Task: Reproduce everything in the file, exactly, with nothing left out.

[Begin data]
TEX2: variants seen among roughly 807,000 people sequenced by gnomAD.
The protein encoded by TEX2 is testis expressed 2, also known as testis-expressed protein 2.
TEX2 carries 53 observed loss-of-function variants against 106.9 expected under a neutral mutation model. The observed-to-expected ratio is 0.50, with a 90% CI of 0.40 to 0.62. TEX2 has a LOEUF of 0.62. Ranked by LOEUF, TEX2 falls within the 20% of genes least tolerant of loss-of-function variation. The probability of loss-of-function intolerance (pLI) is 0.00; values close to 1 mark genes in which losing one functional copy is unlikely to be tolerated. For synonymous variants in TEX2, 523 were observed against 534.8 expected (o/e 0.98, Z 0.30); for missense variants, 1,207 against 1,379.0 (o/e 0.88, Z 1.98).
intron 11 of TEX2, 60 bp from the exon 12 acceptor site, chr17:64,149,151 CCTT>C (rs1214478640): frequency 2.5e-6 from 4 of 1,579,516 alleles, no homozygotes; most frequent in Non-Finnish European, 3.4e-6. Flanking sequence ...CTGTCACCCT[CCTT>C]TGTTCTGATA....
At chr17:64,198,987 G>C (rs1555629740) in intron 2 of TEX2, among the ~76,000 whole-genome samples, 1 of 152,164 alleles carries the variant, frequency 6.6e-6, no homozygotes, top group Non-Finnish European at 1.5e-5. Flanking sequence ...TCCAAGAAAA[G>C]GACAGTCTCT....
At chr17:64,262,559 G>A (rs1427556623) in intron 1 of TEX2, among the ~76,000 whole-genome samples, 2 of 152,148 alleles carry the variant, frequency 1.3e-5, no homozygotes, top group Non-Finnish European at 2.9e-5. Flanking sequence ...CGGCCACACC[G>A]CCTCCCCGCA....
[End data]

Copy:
TEX2: variants seen among roughly 807,000 people sequenced by gnomAD.
The protein encoded by TEX2 is testis expressed 2, also known as testis-expressed protein 2.
TEX2 carries 53 observed loss-of-function variants against 106.9 expected under a neutral mutation model. The observed-to-expected ratio is 0.50, with a 90% CI of 0.40 to 0.62. TEX2 has a LOEUF of 0.62. Ranked by LOEUF, TEX2 falls within the 20% of genes least tolerant of loss-of-function variation. The probability of loss-of-function intolerance (pLI) is 0.00; values close to 1 mark genes in which losing one functional copy is unlikely to be tolerated. For synonymous variants in TEX2, 523 were observed against 534.8 expected (o/e 0.98, Z 0.30); for missense variants, 1,207 against 1,379.0 (o/e 0.88, Z 1.98).
intron 11 of TEX2, 60 bp from the exon 12 acceptor site, chr17:64,149,151 CCTT>C (rs1214478640): frequency 2.5e-6 from 4 of 1,579,516 alleles, no homozygotes; most frequent in Non-Finnish European, 3.4e-6. Flanking sequence ...CTGTCACCCT[CCTT>C]TGTTCTGATA....
At chr17:64,198,987 G>C (rs1555629740) in intron 2 of TEX2, among the ~76,000 whole-genome samples, 1 of 152,164 alleles carries the variant, frequency 6.6e-6, no homozygotes, top group Non-Finnish European at 1.5e-5. Flanking sequence ...TCCAAGAAAA[G>C]GACAGTCTCT....
At chr17:64,262,559 G>A (rs1427556623) in intron 1 of TEX2, among the ~76,000 whole-genome samples, 2 of 152,148 alleles carry the variant, frequency 1.3e-5, no homozygotes, top group Non-Finnish European at 2.9e-5. Flanking sequence ...CGGCCACACC[G>A]CCTCCCCGCA....